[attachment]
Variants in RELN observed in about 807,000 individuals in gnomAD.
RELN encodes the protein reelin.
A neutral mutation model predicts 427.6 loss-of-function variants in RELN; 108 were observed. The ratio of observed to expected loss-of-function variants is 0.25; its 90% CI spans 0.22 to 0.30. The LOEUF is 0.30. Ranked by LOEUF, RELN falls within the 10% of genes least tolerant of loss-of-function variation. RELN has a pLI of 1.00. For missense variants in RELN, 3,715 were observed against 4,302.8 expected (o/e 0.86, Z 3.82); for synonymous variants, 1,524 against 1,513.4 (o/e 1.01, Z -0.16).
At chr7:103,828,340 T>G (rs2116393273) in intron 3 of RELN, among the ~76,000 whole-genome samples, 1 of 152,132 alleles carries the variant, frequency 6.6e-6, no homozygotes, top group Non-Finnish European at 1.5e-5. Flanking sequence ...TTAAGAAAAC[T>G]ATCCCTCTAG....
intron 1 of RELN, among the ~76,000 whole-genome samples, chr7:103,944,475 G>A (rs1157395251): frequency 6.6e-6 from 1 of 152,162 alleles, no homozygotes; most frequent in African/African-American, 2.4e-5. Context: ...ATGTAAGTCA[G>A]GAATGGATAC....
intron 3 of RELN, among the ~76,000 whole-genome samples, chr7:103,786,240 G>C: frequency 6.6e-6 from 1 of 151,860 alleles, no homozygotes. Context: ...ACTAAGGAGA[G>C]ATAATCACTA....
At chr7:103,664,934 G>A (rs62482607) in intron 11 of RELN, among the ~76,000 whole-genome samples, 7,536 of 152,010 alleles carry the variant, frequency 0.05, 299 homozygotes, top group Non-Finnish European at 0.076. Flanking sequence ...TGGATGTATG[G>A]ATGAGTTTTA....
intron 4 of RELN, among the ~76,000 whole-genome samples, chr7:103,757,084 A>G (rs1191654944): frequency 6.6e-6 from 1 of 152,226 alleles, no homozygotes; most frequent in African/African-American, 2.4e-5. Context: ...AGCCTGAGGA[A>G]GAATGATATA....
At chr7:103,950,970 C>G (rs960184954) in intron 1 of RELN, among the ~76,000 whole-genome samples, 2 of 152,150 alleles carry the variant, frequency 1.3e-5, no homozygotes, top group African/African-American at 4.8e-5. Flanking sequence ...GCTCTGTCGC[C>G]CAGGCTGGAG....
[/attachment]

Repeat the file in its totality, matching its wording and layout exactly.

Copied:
Variants in RELN observed in about 807,000 individuals in gnomAD.
RELN encodes the protein reelin.
A neutral mutation model predicts 427.6 loss-of-function variants in RELN; 108 were observed. The ratio of observed to expected loss-of-function variants is 0.25; its 90% CI spans 0.22 to 0.30. The LOEUF is 0.30. Ranked by LOEUF, RELN falls within the 10% of genes least tolerant of loss-of-function variation. RELN has a pLI of 1.00. For missense variants in RELN, 3,715 were observed against 4,302.8 expected (o/e 0.86, Z 3.82); for synonymous variants, 1,524 against 1,513.4 (o/e 1.01, Z -0.16).
At chr7:103,828,340 T>G (rs2116393273) in intron 3 of RELN, among the ~76,000 whole-genome samples, 1 of 152,132 alleles carries the variant, frequency 6.6e-6, no homozygotes, top group Non-Finnish European at 1.5e-5. Flanking sequence ...TTAAGAAAAC[T>G]ATCCCTCTAG....
intron 1 of RELN, among the ~76,000 whole-genome samples, chr7:103,944,475 G>A (rs1157395251): frequency 6.6e-6 from 1 of 152,162 alleles, no homozygotes; most frequent in African/African-American, 2.4e-5. Context: ...ATGTAAGTCA[G>A]GAATGGATAC....
intron 3 of RELN, among the ~76,000 whole-genome samples, chr7:103,786,240 G>C: frequency 6.6e-6 from 1 of 151,860 alleles, no homozygotes. Context: ...ACTAAGGAGA[G>C]ATAATCACTA....
At chr7:103,664,934 G>A (rs62482607) in intron 11 of RELN, among the ~76,000 whole-genome samples, 7,536 of 152,010 alleles carry the variant, frequency 0.05, 299 homozygotes, top group Non-Finnish European at 0.076. Flanking sequence ...TGGATGTATG[G>A]ATGAGTTTTA....
intron 4 of RELN, among the ~76,000 whole-genome samples, chr7:103,757,084 A>G (rs1191654944): frequency 6.6e-6 from 1 of 152,226 alleles, no homozygotes; most frequent in African/African-American, 2.4e-5. Context: ...AGCCTGAGGA[A>G]GAATGATATA....
At chr7:103,950,970 C>G (rs960184954) in intron 1 of RELN, among the ~76,000 whole-genome samples, 2 of 152,150 alleles carry the variant, frequency 1.3e-5, no homozygotes, top group African/African-American at 4.8e-5. Flanking sequence ...GCTCTGTCGC[C>G]CAGGCTGGAG....